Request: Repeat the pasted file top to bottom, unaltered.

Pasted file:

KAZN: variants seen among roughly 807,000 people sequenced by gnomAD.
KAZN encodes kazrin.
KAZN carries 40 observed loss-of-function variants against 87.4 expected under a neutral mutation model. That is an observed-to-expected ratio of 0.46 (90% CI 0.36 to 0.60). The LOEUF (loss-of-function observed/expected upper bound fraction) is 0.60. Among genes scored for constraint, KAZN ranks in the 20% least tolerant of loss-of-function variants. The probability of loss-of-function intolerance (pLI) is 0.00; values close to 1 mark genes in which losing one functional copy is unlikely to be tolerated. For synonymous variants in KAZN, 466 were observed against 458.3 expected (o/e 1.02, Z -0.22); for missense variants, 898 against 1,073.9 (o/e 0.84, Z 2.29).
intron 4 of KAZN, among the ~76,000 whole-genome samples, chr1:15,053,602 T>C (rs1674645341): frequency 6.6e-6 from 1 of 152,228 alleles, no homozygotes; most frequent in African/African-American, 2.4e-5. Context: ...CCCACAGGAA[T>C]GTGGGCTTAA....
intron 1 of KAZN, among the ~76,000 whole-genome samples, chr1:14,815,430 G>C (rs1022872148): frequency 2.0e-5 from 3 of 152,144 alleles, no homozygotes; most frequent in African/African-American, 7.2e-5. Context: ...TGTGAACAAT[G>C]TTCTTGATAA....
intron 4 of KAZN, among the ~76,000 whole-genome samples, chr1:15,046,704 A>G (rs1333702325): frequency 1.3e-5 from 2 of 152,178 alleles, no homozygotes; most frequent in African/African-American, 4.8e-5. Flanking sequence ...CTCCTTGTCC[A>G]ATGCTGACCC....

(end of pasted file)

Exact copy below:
KAZN: variants seen among roughly 807,000 people sequenced by gnomAD.
KAZN encodes kazrin.
KAZN carries 40 observed loss-of-function variants against 87.4 expected under a neutral mutation model. That is an observed-to-expected ratio of 0.46 (90% CI 0.36 to 0.60). The LOEUF (loss-of-function observed/expected upper bound fraction) is 0.60. Among genes scored for constraint, KAZN ranks in the 20% least tolerant of loss-of-function variants. The probability of loss-of-function intolerance (pLI) is 0.00; values close to 1 mark genes in which losing one functional copy is unlikely to be tolerated. For synonymous variants in KAZN, 466 were observed against 458.3 expected (o/e 1.02, Z -0.22); for missense variants, 898 against 1,073.9 (o/e 0.84, Z 2.29).
intron 4 of KAZN, among the ~76,000 whole-genome samples, chr1:15,053,602 T>C (rs1674645341): frequency 6.6e-6 from 1 of 152,228 alleles, no homozygotes; most frequent in African/African-American, 2.4e-5. Context: ...CCCACAGGAA[T>C]GTGGGCTTAA....
intron 1 of KAZN, among the ~76,000 whole-genome samples, chr1:14,815,430 G>C (rs1022872148): frequency 2.0e-5 from 3 of 152,144 alleles, no homozygotes; most frequent in African/African-American, 7.2e-5. Context: ...TGTGAACAAT[G>C]TTCTTGATAA....
intron 4 of KAZN, among the ~76,000 whole-genome samples, chr1:15,046,704 A>G (rs1333702325): frequency 1.3e-5 from 2 of 152,178 alleles, no homozygotes; most frequent in African/African-American, 4.8e-5. Flanking sequence ...CTCCTTGTCC[A>G]ATGCTGACCC....